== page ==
I still have not processed what has and is happening in the case of Sandra Bland. As a researcher, I am compelled to run through timelines and theories and to outline methods of data collection and reasons for analysis. To make clear my purpose for writing and the uses for doing research. So let me start with the confirmed timeline.
Friday, July 10, 2015, Sandra Bland was in Prairie View, Texas for a job interview at her alma mater Prairie View A&M University. She received the job and was due to start as early as the next week. Leaving campus, she stopped by law enforcement for failing to signal while changing lanes on University Drive. During her arrest, she was slammed to the ground and can be heard on video asking the officers about their treatment of her.
Monday, July 13, 2015, Sandra Bland was found dead in her Waller County Jail Cell. The Waller County Sheriff says it was suicide.
I have collected the news articles, oral histories, interviews, tweets, press releases and media appearances of community members, activists, family, friends of Sandra Bland. Moreover, as a critical race scholar invested in womanist inquiry, I have engaged my reflexivity in this moment. Here are my current reflections. THERE will be more. This is not the end of this engagement.
Thursday, July 16, 2015—First Semi-public Response Or What it Means to be a Womanist Rhetorician in Active Voice I got to work this morning after spending time working from home between posts and tweets about the news of Sandra Bland. Her encounter with the police happened on University Dr. I take University Dr. every day to go to my office. It's the easiest way to get on and off campus from the highway. This type of news is hard to take. There are plans for a rally tomorrow. I'm considering giving up my much-coveted research day to go and participate because I can't imagine walking back into my classroom in the fall talking about the power of activism and not being active. I can't imagine talking about social justice and not demanding it when something like this happens to a new hire staff member right on the front door of campus. I can't imagine that. I can't imagine that silence. Nor can I participate in that silence. And while I understand and respect what her sorority and her family are asking in not participating in rallies or creating hashtags or engaging in a movement focused on what happened to her, I also understand that one of Sandra's positionalities in this world was activist. I know that she was working toward being a citizen journalist with her own media presence and videos posted under the moniker Sandy Speaks. I know from those that knew her personality she would likely have come out to support efforts to find answers if this had happened to someone else in her community. All of this leads me to ask when a woman as dynamic as Sandra Bland is wrongfully taken from her family, friends, and community can we be silent--even at the family's request? Should we be silent? Will we be silent? I don't believe we can be. It just doesn't seem possible to be silent now. Again, all respect to the family (and I will be respectful of Sandy's personal legacy), however, Sandy Speaks. We speak.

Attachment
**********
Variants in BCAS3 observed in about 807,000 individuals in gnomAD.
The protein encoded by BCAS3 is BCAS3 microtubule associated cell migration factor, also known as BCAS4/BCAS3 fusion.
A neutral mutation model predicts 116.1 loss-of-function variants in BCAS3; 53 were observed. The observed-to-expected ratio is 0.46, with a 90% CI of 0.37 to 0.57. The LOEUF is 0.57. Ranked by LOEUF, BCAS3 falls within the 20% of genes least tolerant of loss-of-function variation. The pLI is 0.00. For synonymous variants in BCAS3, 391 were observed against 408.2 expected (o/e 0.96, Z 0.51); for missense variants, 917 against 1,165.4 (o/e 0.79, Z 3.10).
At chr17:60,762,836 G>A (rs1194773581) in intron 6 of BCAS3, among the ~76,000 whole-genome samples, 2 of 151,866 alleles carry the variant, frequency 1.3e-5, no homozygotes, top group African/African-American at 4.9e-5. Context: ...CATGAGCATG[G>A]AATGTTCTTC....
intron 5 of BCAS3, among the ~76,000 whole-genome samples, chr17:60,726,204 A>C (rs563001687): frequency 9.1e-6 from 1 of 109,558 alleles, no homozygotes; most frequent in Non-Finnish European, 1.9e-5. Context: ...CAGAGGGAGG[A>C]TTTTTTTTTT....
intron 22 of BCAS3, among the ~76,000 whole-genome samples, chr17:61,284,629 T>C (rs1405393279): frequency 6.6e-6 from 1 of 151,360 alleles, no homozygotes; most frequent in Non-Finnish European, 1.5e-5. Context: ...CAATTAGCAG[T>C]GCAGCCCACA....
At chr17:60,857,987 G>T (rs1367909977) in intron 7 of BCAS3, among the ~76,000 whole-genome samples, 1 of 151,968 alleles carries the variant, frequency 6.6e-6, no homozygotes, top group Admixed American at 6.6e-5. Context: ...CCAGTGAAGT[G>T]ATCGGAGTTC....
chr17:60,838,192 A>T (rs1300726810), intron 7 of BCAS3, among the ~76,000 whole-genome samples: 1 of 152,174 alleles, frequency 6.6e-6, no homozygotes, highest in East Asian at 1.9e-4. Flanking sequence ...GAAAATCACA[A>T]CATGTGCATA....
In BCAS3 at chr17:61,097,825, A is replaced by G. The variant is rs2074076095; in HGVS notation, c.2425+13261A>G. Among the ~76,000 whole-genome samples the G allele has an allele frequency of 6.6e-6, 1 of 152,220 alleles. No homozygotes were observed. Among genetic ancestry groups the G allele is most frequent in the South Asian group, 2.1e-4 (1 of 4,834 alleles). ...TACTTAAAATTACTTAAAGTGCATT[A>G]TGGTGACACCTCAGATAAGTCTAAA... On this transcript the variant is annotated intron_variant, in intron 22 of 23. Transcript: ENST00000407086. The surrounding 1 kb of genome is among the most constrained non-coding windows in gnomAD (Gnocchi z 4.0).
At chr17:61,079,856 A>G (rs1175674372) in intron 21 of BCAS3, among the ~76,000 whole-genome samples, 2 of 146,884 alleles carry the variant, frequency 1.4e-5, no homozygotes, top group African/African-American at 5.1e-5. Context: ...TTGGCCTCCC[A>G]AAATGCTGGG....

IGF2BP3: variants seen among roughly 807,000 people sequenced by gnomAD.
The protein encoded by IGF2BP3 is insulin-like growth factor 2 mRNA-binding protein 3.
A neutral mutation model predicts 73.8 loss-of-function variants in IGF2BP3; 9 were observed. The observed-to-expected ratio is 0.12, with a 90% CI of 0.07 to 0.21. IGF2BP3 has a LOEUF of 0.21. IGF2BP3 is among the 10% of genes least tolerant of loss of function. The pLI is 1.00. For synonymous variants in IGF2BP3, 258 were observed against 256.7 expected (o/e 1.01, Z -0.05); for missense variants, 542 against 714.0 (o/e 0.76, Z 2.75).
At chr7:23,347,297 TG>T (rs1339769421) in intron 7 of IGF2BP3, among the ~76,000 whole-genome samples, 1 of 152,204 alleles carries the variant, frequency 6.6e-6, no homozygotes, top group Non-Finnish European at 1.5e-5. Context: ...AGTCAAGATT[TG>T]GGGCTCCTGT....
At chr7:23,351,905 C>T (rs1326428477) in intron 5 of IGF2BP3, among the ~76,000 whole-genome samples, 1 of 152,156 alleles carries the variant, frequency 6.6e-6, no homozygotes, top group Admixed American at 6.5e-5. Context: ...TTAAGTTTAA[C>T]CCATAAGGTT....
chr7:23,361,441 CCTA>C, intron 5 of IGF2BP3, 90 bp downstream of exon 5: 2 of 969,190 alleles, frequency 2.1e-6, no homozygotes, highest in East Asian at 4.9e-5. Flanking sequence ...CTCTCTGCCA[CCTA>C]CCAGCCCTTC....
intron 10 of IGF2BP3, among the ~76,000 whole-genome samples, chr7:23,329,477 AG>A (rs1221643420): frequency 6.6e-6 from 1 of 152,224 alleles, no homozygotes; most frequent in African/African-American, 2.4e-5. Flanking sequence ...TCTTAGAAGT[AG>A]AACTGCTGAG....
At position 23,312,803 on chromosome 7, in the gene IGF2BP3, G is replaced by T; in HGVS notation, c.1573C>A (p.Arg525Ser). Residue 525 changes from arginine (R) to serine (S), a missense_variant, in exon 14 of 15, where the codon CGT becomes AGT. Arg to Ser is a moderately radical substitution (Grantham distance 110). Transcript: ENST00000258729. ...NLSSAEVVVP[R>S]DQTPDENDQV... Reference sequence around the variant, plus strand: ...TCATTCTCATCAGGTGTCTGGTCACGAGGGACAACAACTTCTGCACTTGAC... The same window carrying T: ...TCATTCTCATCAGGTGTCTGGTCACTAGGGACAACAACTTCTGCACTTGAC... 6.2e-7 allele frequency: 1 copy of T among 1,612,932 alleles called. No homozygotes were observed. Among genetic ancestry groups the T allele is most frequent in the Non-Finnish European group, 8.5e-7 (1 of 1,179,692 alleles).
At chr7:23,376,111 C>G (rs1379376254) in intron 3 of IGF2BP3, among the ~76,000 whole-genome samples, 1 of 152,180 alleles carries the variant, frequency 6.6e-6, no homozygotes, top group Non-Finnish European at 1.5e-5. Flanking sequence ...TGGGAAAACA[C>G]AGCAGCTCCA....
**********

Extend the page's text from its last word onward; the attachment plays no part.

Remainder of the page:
Friday, July 17, 2015—First Public Responses
Saturday, July 18, 2015—Second Public Response—Cultural Knowledge and Locating Spaces for Activism